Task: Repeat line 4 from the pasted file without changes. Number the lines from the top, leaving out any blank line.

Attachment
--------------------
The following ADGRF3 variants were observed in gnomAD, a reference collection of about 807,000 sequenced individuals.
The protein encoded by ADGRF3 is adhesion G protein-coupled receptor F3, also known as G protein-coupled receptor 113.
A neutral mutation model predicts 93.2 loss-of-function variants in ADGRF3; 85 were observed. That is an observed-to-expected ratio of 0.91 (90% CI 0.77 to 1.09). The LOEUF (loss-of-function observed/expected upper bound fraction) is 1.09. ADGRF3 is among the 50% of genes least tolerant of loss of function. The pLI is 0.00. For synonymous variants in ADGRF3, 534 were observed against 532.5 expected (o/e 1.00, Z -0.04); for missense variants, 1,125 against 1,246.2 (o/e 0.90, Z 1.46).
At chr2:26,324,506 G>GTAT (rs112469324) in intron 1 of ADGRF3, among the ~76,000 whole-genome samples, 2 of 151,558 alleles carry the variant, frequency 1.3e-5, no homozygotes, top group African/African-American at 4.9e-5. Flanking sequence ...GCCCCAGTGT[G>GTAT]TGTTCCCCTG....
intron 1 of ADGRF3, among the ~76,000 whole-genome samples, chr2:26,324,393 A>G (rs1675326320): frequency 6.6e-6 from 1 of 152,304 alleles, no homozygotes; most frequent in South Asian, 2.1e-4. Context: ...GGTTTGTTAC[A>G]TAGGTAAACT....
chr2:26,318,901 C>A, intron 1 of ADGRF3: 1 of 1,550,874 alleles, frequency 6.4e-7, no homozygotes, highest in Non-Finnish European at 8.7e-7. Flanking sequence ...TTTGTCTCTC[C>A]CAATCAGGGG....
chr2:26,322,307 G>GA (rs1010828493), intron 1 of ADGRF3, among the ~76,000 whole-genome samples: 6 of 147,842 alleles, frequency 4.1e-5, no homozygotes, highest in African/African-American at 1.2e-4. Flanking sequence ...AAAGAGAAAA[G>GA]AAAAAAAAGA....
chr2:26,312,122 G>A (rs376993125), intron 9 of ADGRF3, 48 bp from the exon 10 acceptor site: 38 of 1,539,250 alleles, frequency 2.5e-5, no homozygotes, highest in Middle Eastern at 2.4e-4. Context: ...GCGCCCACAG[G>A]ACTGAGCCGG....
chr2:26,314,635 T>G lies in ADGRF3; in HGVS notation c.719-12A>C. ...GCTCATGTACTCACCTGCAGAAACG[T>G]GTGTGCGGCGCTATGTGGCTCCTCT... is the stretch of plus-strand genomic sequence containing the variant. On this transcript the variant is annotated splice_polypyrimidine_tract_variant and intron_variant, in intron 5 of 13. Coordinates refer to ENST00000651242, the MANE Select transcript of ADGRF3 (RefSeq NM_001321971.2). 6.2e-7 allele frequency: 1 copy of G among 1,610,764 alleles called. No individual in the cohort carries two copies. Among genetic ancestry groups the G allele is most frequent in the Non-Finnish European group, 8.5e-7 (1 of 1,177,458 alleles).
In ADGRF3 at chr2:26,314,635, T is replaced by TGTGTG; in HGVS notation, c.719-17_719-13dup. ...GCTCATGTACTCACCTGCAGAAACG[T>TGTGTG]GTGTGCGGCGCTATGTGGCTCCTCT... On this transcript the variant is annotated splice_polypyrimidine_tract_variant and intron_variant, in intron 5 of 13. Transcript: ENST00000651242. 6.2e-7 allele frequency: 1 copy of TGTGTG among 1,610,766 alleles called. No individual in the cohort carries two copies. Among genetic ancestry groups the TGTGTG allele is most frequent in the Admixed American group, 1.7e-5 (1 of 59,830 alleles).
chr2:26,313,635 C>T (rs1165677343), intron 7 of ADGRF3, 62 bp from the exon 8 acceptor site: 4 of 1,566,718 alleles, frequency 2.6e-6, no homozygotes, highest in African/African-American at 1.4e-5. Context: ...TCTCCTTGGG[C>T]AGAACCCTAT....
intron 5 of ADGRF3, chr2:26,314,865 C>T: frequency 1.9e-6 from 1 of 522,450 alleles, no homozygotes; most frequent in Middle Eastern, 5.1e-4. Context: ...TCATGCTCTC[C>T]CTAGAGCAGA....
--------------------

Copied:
At chr2:26,324,506 G>GTAT (rs112469324) in intron 1 of ADGRF3, among the ~76,000 whole-genome samples, 2 of 151,558 alleles carry the variant, frequency 1.3e-5, no homozygotes, top group African/African-American at 4.9e-5. Flanking sequence ...GCCCCAGTGT[G>GTAT]TGTTCCCCTG....